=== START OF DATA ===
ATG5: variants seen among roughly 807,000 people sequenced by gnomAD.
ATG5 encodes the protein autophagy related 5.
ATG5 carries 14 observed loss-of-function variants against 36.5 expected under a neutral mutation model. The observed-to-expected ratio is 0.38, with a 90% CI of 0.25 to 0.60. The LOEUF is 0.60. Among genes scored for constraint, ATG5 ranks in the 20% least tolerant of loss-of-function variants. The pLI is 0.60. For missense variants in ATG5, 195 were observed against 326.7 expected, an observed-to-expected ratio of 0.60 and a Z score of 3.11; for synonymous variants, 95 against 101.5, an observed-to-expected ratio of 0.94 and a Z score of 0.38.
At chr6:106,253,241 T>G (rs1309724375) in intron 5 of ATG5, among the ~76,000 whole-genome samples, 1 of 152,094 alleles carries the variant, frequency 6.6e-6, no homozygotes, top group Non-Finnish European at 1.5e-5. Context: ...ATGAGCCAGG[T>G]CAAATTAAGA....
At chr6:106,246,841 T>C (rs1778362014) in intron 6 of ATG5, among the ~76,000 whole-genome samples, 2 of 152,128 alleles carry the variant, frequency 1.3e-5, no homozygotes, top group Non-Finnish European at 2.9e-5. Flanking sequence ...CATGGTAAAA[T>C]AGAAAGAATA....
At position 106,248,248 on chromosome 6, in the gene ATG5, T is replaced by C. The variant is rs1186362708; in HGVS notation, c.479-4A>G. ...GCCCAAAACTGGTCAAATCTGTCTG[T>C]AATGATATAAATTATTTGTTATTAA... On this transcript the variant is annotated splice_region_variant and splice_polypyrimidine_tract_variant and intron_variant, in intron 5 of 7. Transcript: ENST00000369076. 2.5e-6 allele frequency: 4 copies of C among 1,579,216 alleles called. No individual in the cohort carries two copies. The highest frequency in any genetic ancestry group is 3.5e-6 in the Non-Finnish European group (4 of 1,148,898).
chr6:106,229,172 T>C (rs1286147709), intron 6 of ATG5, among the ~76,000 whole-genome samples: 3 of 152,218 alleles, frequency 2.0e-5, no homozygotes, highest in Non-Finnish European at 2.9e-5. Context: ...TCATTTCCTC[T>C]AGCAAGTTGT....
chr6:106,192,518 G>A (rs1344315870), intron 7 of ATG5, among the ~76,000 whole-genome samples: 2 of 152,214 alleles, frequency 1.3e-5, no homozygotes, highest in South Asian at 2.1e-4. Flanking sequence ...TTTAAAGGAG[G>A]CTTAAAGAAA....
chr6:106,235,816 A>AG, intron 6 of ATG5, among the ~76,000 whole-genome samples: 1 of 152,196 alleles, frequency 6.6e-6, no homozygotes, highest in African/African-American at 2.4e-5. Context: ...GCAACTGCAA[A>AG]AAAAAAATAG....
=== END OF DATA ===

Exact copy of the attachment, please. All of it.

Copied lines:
ATG5: variants seen among roughly 807,000 people sequenced by gnomAD.
ATG5 encodes the protein autophagy related 5.
ATG5 carries 14 observed loss-of-function variants against 36.5 expected under a neutral mutation model. The observed-to-expected ratio is 0.38, with a 90% CI of 0.25 to 0.60. The LOEUF is 0.60. Among genes scored for constraint, ATG5 ranks in the 20% least tolerant of loss-of-function variants. The pLI is 0.60. For missense variants in ATG5, 195 were observed against 326.7 expected, an observed-to-expected ratio of 0.60 and a Z score of 3.11; for synonymous variants, 95 against 101.5, an observed-to-expected ratio of 0.94 and a Z score of 0.38.
At chr6:106,253,241 T>G (rs1309724375) in intron 5 of ATG5, among the ~76,000 whole-genome samples, 1 of 152,094 alleles carries the variant, frequency 6.6e-6, no homozygotes, top group Non-Finnish European at 1.5e-5. Context: ...ATGAGCCAGG[T>G]CAAATTAAGA....
At chr6:106,246,841 T>C (rs1778362014) in intron 6 of ATG5, among the ~76,000 whole-genome samples, 2 of 152,128 alleles carry the variant, frequency 1.3e-5, no homozygotes, top group Non-Finnish European at 2.9e-5. Flanking sequence ...CATGGTAAAA[T>C]AGAAAGAATA....
At position 106,248,248 on chromosome 6, in the gene ATG5, T is replaced by C. The variant is rs1186362708; in HGVS notation, c.479-4A>G. ...GCCCAAAACTGGTCAAATCTGTCTG[T>C]AATGATATAAATTATTTGTTATTAA... On this transcript the variant is annotated splice_region_variant and splice_polypyrimidine_tract_variant and intron_variant, in intron 5 of 7. Transcript: ENST00000369076. 2.5e-6 allele frequency: 4 copies of C among 1,579,216 alleles called. No individual in the cohort carries two copies. The highest frequency in any genetic ancestry group is 3.5e-6 in the Non-Finnish European group (4 of 1,148,898).
chr6:106,229,172 T>C (rs1286147709), intron 6 of ATG5, among the ~76,000 whole-genome samples: 3 of 152,218 alleles, frequency 2.0e-5, no homozygotes, highest in Non-Finnish European at 2.9e-5. Context: ...TCATTTCCTC[T>C]AGCAAGTTGT....
chr6:106,192,518 G>A (rs1344315870), intron 7 of ATG5, among the ~76,000 whole-genome samples: 2 of 152,214 alleles, frequency 1.3e-5, no homozygotes, highest in South Asian at 2.1e-4. Flanking sequence ...TTTAAAGGAG[G>A]CTTAAAGAAA....
chr6:106,235,816 A>AG, intron 6 of ATG5, among the ~76,000 whole-genome samples: 1 of 152,196 alleles, frequency 6.6e-6, no homozygotes, highest in African/African-American at 2.4e-5. Context: ...GCAACTGCAA[A>AG]AAAAAAATAG....